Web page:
I belong to a generation which grew without much sense of a “Russian threat.” Gorbachev, by and large, appeared sensible to me. I spent over two years in the 1990s in Yeltsin’s Russia. To me, it was difficult to perceive the Russian Federation in 1994, 1995, or 1997 or a threat. If there was a threat it was state collapse, corruption, criminality. I wrote my MA thesis on Yeltsin’s coup d’état of 1993. Tanks were opening fire on the parliament. The new Duma was best known though the outrages of Zhirinovskii’s LDPR. During his state visit in Sweden in 1997 the ailing Yeltsin could barely stand on his legs, had difficulties finding the pulpit in the Riksdag. The Russian countryside was in a deplorable state. So I do not belong to that “Cold War” generation. To me, the problem was almost the opposite. I got my first MA degree in 1998, at a time the ruble collapsed. There was disarmament in Sweden and Europe, and little need for Slavists. There were cuts in the funding of Slavic languages. Soviet studies was a field in decline, seeking to reinvent itself, with mixed results. There were few career paths. In Sweden the focus was mostly on the Baltic Sea region, and then, mostly on its immediate Baltic neighbours, in particular Estonia and Latvia. Interest in Ukraine and the other borderlands east of the enlarged EU was limited. I did my Ph.D. in Western Canada for a reason. With the rise of Putin and the Russian aggression against Ukraine, this has changed, but it really is not something that has had more than an indirect impact on me. I have not been directly been doing research on Russia - but of course, the instrumentalization of history, the “double genocide” narration of history and so on, the rehabilitation of Shukheyvch and Bandera in Ukraine - or Lukashenka’s new “national ideology” in Belarus, for instance, have to be seen in the larger context of an assertive Russian Federation which disrespects the sovereignty and violates the borders of its post-Soviet neighbours. But in regards to my own research, this has not impacted the funding for my own research. I was a visiting professor of East European history in Vienna and Oslo, and coordinator of European Studies at the National University of Singapore. The positions and funding were not impacted by the crises of Georgia and Ukraine. In fact, at NUS I was teaching mostly German, Polish, Austrian, and Ottoman history, not least 19th century history. My research hardly had nothing to do with Russia - though I did work on Ukrainian nationalism - but then of the 1930s and 40s. But yes, following the Russian invasion of Ukraine the field was sharply polarised, and intensely politicised. The pressure was strong that those of us working on Ukraine actively should take the side of the “Maidaners” and protest Russia more vociferously. I did see – and do see – my role as trying to understand, provide tools and background for my readers and students to themselves form their opinions and rather help them contextualise and understand. My work on the Holocaust in Ukraine was never popular with the Ukrainian diaspora, and neither was critical inquiry on its instrumentalization of history. A number of collegial relations were severed, but not so much friendships. I never identified with, or felt part of the Ukrainian studies community. But I had some colleagues who did, and who were ostracised and had long friendships severed. But my work straddles Ukrainian, Polish, Belarusian and Jewish studies. I have good relations to my Polish colleagues, and always felt welcomed and included in the Belarusian and Jewish communities. I suppose it is easier, if you, like me, are an outsider with no family ties to either group, and little interest in identify politics of either of these groups - other than as an object of inquiry. I wish I could say that a “renewed” Cold War would have had more repercussions in terms of increased funding and resources. I am very happy and privileged to be most generously funded by the Knut and Alice Wallenberg foundation. They allow me to hire a doctoral student and post-docs, and to pursue my own research interests. But this funding is in the field of the humanities, KAW a private fund - though Lund University is generously matching their grant - so, other than, possibly indirectly, there is no “new Cold War” connection to my current research project. And it focuses on Ukrainian émigrés in the Cold War and their political use of history. The post-1991 Russian Federation plays a rather minor, and indirect role for my current research.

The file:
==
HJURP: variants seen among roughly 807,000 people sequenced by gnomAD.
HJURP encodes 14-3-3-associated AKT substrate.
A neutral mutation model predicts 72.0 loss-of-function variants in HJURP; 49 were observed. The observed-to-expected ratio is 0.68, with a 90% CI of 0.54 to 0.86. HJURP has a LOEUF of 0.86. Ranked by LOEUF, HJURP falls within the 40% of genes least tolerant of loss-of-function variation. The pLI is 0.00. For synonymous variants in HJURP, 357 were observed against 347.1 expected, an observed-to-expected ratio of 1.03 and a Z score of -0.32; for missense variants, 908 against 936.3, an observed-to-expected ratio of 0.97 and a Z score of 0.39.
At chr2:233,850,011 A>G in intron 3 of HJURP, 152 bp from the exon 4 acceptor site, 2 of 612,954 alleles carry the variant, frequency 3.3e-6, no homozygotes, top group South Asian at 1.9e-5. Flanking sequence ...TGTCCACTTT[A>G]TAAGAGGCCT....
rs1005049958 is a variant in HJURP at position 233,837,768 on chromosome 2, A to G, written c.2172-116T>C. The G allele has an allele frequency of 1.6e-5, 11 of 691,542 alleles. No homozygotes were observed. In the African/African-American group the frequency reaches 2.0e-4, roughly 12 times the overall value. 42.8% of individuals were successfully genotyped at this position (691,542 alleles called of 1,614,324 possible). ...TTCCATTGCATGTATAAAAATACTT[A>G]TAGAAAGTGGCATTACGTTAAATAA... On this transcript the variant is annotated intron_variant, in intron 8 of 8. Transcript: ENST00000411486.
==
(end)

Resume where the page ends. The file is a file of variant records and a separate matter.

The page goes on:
In many cases history politics distorts history studies in order to achieve pragmatic goals of governments. But there is a rare and perhaps unique case of the current memory wars between Russia and its European bordering states, when the Russian propaganda is based on archival documents. Glorifying the Nazis collaborators the Baltic States and Ukraine authorities voluntarily play into the hands of Russia. In that controversial situation many of the academic researchers of East European nationalistic Nazis collaborators, are blamed by local and diaspora nationalists as Putin’s agents. How can the international academic community cope with that ideological pressure which creates an obvious threat to independent research?